Source: Deep Learning on Medium
Types of Adversarial Attacks
Adversarial attacks are classified into two categories — targeted attacks and untargeted attacks.
The targeted attack has a target class, Y, that it wants the target model, M, to classify the image I of class X as. Hence, the goal of the targeted attack is to make M misclassify by predicting the adversarial example, I, as the intended target class Y instead of the true class X. On the other hand, the untargeted attack does not have a target class which it wants the model to classify the image as. Instead, the goal is simply to make the target model misclassify by predicting the adversarial example, I, as a class, other than the original class, X.
Researchers have found that in general, although untargeted attacks are not as good as targeted attacks, they take much less time. Targeted attacks, although more successful in altering the predictions of the model, come at a cost (time).
How are Adversarial Examples Generated?
Having understood the difference between targeted and untargeted attacks, we now come to the question of how these adversarial attacks are carried out. In a benign machine learning system, the training process seeks to minimize the loss between the target label and the predicted label, formulated mathematically as such:
During the testing phase, the learned model is tested to determine how well it can predict the predicted label. Error is then calculated by the sum of the loss between the target label and the predicted label, formulated mathematically as such:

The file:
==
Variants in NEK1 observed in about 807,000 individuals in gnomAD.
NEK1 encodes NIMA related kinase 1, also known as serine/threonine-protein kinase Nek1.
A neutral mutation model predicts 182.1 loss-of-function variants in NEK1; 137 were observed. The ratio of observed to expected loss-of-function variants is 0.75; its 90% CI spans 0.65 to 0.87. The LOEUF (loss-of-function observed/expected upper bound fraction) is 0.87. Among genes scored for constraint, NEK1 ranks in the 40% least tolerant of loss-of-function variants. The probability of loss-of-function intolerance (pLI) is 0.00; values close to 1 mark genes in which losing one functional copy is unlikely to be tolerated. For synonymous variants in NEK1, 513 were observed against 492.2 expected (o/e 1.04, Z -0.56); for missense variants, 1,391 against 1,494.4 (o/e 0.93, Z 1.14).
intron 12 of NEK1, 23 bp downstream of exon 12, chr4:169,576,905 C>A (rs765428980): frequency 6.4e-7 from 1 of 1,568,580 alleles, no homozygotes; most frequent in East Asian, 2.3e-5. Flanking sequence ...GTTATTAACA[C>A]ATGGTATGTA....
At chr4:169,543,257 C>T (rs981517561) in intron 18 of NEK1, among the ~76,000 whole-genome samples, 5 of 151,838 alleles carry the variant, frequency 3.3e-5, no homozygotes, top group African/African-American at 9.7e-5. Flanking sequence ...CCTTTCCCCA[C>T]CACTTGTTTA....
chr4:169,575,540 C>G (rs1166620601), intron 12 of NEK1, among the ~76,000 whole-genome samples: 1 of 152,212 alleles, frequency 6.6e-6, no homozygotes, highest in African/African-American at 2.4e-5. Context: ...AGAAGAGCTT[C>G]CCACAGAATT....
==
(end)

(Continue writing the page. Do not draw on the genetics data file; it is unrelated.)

In adversarial attacks, the following 2 steps are taken:
- The query input is changed from the benign input x to x’.
- An attack goal is set such that the prediction outcome, H(x) is no longer y. The loss is changed from l(H(x ᵢ), y ᵢ) to l(H(x ᵢ), y’ ᵢ) where y’ ᵢ ≠ y ᵢ.
One way the query input is changed from x to x’ is through the method called “adversarial perturbation”, where the perturbation is computed such that the prediction will not be the same as the original label. For images, this can come in the form of pixel noise as we saw above with the panda example. Untargeted attacks have the single goal of maximizing the loss between H(x) and H(x’) until the prediction outcome is not y (the real label). Targeted attacks have an additional goal of not only maximizing the loss between H(x) and H(x’) but also to minimize the loss between H(x’) and y’ until H(x’) = y’ instead of y.
Adversarial perturbation can then be categorized into one-step and multi-step perturbation. As the names imply, the one-step perturbation only involves a single stage — add noise once and that is it. On the other hand, the multi-step perturbation is an iterative attack that makes small modifications to the input each time. Therefore, the one-step attack is fast but excessive noise may be added, hence making it easier for humans to detect the changes. Furthermore, it places more weight on the objective of maximizing loss between H(x) and H(x’) and less on minimizing the amount of perturbation. Conversely, the multi-step attack is more strategic as it introduces small amounts of perturbation at each time. However, this also means such an attack is computationally more expensive.
Black Box VS White Box Attacks